A better approach would be to reuse HttpClient when contacting the same server. This will allow the application to reuse the sockets for multiple requests. If you are using at least .NET Core 2.2, the easiest way to handle this, is using HttpClientFactory. Simply inject IHttpClientFactory into your service and it will take care of the above issues behind the scenes.
For a deeper explanation on this topic, take a look at this blog post.
5. If you use Razor pages, make use of <Cache> Tag Helper
Tag helpers were introduced in ASP.NET core and are a more convenient version of Html Helpers. One of these helpers is the <cache> tag; it allows for an easy way to render-cache parts of the page straight to MemoryCache. Here are some simple examples:
These tag helpers provide plenty of options, so if you are using razor pages, you should probably look into what they have to offer.
6. Consider using gRPC for calling your backend services
If your web application makes REST API calls to various (micro)services, it may be beneficial to switch your mode of communication to gRPC. Developed by Google, this model combines the benefits of the new HTTP/2 protocol and binary payload for improved communication performance.
In a nutshell, there are two reasons for this improvement. First, HTTP/2 allows for far better connection management; multiple calls to the same server can be made using a single connection, improving server throughput under stress. Second, due to the binary nature of the payload, serialization/deserialization cost is almost non-existent, which reduces CPU overhead for each call.
7. Reducing Memory Allocations
Up to this point, we have been trying to optimize how quickly and efficiently our web application communicates with other systems. Now, let’s take a look at how we can make our application tick a little bit faster and a little bit smoother.
Let’s talk about Garbage Collection. Nobody likes to do it. Computers also do not like to do it. When Garbage Collection happens, CPU has to do work and even worse, most operations are put on a brief pause so that CPU can take out the trash. To squeeze more performance out of our servers, we want to minimize the length and frequency of these hiccups. When optimizing Garbage Collection it’s important to keep a few principles in mind:
- When server memory is running low, garbage collection will happen more frequently and more aggressively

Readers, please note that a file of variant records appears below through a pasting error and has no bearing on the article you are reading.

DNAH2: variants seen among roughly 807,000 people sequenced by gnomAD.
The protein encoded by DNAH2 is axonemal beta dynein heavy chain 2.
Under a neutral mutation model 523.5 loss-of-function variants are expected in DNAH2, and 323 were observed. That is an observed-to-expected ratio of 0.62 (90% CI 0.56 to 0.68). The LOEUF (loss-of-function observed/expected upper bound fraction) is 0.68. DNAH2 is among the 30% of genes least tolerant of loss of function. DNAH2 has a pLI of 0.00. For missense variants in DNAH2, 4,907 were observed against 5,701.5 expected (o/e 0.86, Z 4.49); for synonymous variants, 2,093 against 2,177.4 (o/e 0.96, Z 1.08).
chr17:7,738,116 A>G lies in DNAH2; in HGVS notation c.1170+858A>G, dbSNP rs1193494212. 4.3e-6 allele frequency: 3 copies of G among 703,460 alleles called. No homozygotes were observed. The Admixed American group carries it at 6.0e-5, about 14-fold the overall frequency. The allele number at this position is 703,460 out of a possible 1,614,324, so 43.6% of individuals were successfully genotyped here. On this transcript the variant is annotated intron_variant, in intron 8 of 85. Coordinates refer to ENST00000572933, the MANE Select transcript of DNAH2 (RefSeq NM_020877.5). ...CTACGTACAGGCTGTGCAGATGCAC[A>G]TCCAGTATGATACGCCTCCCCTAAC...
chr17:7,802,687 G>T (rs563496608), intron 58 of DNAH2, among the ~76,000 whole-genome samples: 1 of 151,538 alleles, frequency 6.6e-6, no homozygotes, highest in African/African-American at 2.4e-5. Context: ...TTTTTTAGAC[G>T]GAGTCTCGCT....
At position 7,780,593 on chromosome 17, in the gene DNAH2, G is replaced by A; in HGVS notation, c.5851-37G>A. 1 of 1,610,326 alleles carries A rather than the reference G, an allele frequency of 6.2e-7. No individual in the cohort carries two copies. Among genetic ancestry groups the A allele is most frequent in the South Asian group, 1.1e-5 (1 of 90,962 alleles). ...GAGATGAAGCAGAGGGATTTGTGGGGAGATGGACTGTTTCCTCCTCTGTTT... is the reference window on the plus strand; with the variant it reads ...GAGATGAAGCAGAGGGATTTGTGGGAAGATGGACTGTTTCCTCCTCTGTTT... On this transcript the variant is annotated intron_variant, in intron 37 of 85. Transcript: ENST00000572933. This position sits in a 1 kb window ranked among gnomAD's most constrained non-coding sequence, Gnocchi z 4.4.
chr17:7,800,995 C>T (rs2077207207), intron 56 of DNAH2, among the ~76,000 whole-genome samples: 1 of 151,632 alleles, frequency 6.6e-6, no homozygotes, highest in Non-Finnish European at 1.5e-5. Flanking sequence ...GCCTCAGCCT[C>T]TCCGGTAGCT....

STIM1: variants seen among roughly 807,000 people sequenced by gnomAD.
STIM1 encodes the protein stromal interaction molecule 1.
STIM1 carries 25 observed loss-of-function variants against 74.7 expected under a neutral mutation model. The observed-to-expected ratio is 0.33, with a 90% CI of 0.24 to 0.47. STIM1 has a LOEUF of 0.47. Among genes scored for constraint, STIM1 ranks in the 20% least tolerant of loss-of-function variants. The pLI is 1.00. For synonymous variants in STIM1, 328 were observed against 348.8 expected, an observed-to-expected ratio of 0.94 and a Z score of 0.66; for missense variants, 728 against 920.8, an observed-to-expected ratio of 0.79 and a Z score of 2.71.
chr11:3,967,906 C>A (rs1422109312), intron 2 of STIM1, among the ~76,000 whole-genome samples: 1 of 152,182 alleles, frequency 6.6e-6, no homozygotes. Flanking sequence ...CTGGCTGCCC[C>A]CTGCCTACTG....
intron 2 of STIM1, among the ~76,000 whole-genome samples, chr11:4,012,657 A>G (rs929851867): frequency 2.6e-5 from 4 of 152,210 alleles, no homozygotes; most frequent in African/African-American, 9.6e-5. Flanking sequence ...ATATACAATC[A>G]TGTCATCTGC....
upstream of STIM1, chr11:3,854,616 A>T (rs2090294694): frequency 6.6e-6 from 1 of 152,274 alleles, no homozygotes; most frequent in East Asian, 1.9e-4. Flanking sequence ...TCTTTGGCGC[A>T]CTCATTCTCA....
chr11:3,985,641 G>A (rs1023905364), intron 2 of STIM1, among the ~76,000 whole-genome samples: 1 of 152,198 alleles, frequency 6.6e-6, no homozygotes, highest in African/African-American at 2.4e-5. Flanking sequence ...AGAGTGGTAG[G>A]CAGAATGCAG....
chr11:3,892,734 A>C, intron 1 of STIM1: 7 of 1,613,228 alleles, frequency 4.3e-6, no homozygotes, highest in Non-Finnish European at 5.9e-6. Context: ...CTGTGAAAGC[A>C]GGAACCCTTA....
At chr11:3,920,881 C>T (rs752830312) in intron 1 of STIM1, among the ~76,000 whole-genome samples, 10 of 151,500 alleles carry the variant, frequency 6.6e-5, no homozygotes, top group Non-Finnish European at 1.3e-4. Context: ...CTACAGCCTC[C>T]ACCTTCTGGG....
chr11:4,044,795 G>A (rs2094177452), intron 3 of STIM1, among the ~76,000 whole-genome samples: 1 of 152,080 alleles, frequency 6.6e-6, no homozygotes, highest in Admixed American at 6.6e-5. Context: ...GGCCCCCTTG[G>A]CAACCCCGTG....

- The longer an object stays alive in memory, the less frequently it will be checked upon (whether it still needs to be in memory or not). This can cause RAM usage to stay higher for longer
- When a large number of objects is dereferenced in memory. Garbage Collector will compact the memory to reduce fragmentation. This process is slow, and we should aim to avoid this
We can simplify the above principles into something more digestible:
“Create fewer objects, and try to keep them small”
There are a number of ways of doing this, here is a list of my favorites:
Preallocate Generic Collections: If you use C#, you use Lists<> and Dictionaries<>. They are convenient and easy to use, but they are not magic; behind the scenes Lists use Arrays and Dictionaries use HashTables. What do Arrays and HashTables have in common? They are immutable… But wait, if they are immutable how can I use `coolGuyList.Add(myFriend)`? They are indeed immutable, so a lot of the times when you call Add(), the runtime creates a new bigger array and copies the objects over from the old smaller array. (Last time I checked, the runtime doubles the size of the underlying array every time it creates a bigger one; something along the lines of 0, 4, 8, 16…). Imagine you are populating a big List in a `foreach` loop; sounds kind of inefficient right?
Thankfully there is an easy way to optimize. Instead of the runtime guessing how big of an array to allocate, we can simply tell the runtime how big of an array we are expecting:
There are some cases where we simply cannot predict how big the Array/HashTable needs to be, but from my experience, in about half of the cases you can.
Consider using Structs over Classes: This is a trickier optimization that will need some bench-marking/stress-testing. In some cases when a large number of objects is created and destroyed, it may be beneficial to switch classes to structs because they are value types and do not have pointers to maintain, making Garbage Collector’s life a bit easier.
Reuse Lists and Dictionaries: Although, this is not too common in code, sometimes we need multiple instances of a List, Dictionary, etc…to complete a certain task, and sometimes these collections are Generics of the same type. In such cases once we are done with one collection we can simply call `list.Clear()` and reuse the same collection again for another operation. This can improve performance because Clear() does not shrink the underlying array, but de-references the contained items allowing us to reuse the underlying array for our further needs.
These are some of the more successful techniques I have used in my experience, most of which were implemented during Agoda’s migration effort to ASP.NET core. Pleasant coding my friends!